Swing a cat on the App Store and you’ll crack its head on a half-dozen PDF annotation apps, but none are quite like LiquidText. Its approach is intuitive and brilliant, having you drag excerpts to a sidebar, which can be grouped and have additional notes attached. Tap one to see it in context; then export the lot in various formats.
Getting your thoughts down in a coherent manner shouldn’t be the preserve of biros and envelopes. Instead, use MindNode to brainstorm, creating connections between topics. It’s another app that works better with more space, and the iPad Pro’s perfect for letting ideas grow, styling your mind-maps with plenty of icons and imagery.
This calculator is part spreadsheet, part scrap of paper. Instead of a grid, you get a blank sheet, but the app intelligently tots up what you jot down. New lines can be added at any point, and currencies converted; Soulver keeps track of everything, updating your totals accordingly.
Fantastical 2 for iPad (£7.99)
In all honesty, the default iPad layout for Fantastical feels a bit odd, with a massive month calendar taking up loads of room. But in Split View, you get a scrollable list of appointments, mini-calendars, and a week view, all in a tiny amount of space. This is far better than Apple’s Calendar app — and that’s before you discover Fantastical’s natural-language input smarts.
Tweetbot 4 for Twitter (£7.99)
If you’re a social media fiend, Tweetbot’s the Twitter client to grab. Swap out the main feed for a list, track your stats, have the app run in Split View, and then pretend this is more productive than not having a Twitter client constantly in your face, tempting you with interesting links.
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Like Twitter, Slack has become ingrained in many people’s working lives. The app works very nicely in full-screen on iPad Pro, but will happily lurk in Split View, while you use the majority of your display to get on with some actual work. Or watch YouTube videos as ‘research’. Either’s fine with us.
iCloud Keychain’s fine, but 1Password’s better. The app keeps your information secure, but also allows you to edit it. You can store more than passwords, too — 1Password houses notes, credit card details, and identities (for forums and online shopping), and can create new, complex passwords on your behalf. Touch ID support makes it a no-brainer on the Pro.
Sky Guide (£2.29)
In moments of downtime, Sky Guide gives you a chance to contemplate your place in the universe, and the majesty of the heavens. Swipe about to explore the stars, tap to get more info, or use the time-travel function to go all ‘sci-fi swirly sky’, until you accidentally hypnotise yourself and fall off of your chair.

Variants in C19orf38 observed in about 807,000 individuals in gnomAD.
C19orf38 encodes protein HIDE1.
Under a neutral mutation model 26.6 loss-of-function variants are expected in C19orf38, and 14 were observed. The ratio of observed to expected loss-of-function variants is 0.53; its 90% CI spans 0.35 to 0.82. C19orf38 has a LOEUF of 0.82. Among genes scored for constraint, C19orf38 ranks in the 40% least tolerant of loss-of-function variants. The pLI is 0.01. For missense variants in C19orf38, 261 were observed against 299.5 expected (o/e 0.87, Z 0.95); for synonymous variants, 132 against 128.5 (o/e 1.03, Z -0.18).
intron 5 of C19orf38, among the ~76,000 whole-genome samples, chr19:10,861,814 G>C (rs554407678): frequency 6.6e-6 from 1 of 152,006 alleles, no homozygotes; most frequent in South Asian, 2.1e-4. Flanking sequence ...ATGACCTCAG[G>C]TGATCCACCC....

djay Pro (£14.99)
Want to unleash your inner DJ, but feel other apps aren’t cutting it? Then check out djay Pro. As its name suggests, this is the daddy of DJ apps, built specifically for iPad. You get desktop-class performance with high-def waveforms, four decks, and video mixing with 4K support. And while Apple’s larger iPad Pro isn’t quite vinyl size, it gives you more than enough space to spin virtual decks and twiddle djay Pro’s many buttons and faders.
Geometry Wars 3: Dimensions Evolved (£7.99)
If you think ‘die, alien scum’ rather than ‘astronomy’ on hearing the words ‘outer space’, perhaps twin-stick blaster Geometry Wars is more your thing. Already dazzling and thrilling on the iPad, the Pro gets a unique two-player co-op mode. Take that, people with other iPads who thought the Pro’s screen was stupidly big!
Chunky Comic Reader (£free or £2.99)
You’d have to be fairly mad to buy an iPad Pro solely for reading comics, but if you’ve already got one, then why not? After all, the screen is superb, and the larger model in particular is the perfect size. Chunky is our pick of iPad comic apps because it’s easy to use, efficient, has loads of settings, and with a one-off IAP will happily grab your digital comics from local network drives.
Pigment (£free + IAP)
Should all of the excitement regarding these new apps get a bit much for you, have a proper relax with Pigment. It’s a digital version of those adult colouring books that are all the rage.
Most of these apps are rubbish on iPad, but Pigment’s developers have properly thought things through: you can zoom without quality loss, colour with different brush types (rather than tapping to auto-fill spaces, like a nefarious colouring cheat), and get some value out of your Apple Pencil if you bought one, then later realised with a start that you’re not in fact an artist.
Cream of the crop › These are the bast tablets in the world right now